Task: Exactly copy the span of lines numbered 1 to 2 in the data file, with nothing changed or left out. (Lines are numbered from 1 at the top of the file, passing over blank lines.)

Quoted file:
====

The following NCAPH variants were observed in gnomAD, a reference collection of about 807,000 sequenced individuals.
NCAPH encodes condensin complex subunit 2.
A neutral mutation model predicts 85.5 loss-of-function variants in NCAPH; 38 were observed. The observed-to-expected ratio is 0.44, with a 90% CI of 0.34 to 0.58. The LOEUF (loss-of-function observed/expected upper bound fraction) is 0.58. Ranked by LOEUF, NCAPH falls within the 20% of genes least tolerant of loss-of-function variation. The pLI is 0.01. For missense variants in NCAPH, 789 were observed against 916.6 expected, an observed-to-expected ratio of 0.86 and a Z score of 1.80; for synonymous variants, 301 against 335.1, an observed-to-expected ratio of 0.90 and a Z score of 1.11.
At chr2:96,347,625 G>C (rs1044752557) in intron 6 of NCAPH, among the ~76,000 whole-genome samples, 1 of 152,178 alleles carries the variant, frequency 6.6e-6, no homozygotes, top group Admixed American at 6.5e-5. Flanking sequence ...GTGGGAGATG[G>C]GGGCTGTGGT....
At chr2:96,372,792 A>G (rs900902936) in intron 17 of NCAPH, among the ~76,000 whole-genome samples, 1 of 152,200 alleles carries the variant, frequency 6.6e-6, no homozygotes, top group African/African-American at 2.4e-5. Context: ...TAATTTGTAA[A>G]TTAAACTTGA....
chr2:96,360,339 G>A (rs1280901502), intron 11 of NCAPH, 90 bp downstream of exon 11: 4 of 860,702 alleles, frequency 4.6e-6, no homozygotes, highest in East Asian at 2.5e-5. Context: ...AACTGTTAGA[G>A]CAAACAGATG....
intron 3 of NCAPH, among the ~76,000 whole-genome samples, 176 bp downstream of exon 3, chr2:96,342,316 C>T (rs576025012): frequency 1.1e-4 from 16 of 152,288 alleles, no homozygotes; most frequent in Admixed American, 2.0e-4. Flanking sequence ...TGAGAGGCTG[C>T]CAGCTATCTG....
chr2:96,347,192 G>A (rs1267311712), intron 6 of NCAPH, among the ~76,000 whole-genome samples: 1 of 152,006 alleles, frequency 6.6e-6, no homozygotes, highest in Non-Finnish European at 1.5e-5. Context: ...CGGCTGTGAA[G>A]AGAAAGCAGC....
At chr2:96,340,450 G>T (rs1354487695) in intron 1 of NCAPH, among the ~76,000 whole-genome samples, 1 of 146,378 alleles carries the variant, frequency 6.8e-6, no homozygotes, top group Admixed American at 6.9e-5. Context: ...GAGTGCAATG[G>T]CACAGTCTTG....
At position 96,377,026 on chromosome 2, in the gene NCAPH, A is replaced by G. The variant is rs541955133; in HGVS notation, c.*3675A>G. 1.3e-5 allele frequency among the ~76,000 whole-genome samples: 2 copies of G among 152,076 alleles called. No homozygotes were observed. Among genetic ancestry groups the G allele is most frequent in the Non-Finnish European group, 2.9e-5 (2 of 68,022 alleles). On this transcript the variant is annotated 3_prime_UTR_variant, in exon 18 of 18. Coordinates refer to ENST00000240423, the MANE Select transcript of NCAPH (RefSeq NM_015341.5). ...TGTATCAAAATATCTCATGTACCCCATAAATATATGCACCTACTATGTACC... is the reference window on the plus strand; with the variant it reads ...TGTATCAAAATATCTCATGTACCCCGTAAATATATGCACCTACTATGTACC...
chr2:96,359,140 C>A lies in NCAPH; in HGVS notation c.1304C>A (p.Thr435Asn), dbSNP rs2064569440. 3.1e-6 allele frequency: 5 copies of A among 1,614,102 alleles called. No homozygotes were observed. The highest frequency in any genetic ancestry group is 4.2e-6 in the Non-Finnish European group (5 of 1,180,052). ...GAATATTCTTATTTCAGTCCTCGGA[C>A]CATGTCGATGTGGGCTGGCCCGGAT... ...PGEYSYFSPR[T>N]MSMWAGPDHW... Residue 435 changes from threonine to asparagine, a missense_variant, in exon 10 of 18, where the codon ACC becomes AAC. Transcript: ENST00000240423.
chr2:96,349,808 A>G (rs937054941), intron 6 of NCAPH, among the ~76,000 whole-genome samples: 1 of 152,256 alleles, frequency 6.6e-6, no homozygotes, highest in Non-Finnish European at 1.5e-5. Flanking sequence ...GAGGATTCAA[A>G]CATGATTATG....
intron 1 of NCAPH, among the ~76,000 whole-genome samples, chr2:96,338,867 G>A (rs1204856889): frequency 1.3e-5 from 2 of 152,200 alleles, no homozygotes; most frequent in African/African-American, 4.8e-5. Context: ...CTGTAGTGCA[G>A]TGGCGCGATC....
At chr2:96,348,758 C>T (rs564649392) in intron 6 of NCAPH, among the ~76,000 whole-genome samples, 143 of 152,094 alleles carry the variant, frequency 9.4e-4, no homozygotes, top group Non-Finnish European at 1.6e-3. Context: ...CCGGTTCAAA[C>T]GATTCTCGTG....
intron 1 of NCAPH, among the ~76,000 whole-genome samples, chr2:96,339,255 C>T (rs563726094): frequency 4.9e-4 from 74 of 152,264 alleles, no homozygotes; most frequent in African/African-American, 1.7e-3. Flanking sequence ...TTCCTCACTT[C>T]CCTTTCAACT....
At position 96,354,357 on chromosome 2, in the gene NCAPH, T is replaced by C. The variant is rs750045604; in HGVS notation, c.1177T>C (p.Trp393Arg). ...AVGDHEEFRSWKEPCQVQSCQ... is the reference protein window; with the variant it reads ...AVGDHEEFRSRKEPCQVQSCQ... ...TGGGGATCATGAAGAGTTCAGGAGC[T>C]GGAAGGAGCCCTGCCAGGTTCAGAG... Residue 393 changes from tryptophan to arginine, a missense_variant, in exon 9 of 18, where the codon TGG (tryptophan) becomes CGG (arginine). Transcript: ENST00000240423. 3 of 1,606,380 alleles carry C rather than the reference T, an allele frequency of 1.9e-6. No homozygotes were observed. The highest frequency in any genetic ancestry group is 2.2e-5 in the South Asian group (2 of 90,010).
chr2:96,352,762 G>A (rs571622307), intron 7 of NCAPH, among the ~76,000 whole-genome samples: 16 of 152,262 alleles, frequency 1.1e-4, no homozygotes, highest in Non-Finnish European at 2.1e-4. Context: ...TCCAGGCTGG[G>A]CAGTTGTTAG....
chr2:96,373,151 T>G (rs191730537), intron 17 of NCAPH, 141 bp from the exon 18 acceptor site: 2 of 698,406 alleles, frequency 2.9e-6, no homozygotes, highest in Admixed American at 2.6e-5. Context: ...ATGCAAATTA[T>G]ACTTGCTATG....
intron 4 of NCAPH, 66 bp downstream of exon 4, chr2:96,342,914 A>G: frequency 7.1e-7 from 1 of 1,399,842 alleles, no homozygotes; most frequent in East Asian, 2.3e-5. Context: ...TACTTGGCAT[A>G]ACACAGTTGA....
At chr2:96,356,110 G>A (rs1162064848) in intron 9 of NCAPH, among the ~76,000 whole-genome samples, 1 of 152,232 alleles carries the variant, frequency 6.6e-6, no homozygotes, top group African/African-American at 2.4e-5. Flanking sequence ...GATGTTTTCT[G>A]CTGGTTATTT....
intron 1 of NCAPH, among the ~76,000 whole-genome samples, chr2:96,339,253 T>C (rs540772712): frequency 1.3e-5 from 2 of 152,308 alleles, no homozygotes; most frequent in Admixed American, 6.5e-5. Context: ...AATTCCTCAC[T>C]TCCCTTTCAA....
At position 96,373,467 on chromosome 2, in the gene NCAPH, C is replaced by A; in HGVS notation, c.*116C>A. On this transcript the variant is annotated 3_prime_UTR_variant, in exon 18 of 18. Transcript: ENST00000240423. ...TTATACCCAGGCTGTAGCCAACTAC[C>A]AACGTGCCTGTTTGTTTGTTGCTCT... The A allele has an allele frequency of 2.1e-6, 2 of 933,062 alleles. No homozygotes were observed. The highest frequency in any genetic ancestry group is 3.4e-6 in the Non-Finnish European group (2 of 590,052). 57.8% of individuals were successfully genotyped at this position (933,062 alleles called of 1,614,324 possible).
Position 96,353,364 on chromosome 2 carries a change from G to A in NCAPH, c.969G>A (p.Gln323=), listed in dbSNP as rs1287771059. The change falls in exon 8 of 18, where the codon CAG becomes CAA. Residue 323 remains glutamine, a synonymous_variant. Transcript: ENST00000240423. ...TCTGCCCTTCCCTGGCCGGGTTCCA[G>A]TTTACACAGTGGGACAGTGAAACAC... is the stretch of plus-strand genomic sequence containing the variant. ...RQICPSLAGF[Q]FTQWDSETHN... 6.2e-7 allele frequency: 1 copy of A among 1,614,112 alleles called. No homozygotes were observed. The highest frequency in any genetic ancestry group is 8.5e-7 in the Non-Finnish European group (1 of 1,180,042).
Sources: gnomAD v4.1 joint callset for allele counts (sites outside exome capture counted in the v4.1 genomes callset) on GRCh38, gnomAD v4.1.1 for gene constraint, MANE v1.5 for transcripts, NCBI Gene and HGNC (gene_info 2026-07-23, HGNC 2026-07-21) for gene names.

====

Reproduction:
The following NCAPH variants were observed in gnomAD, a reference collection of about 807,000 sequenced individuals.
NCAPH encodes condensin complex subunit 2.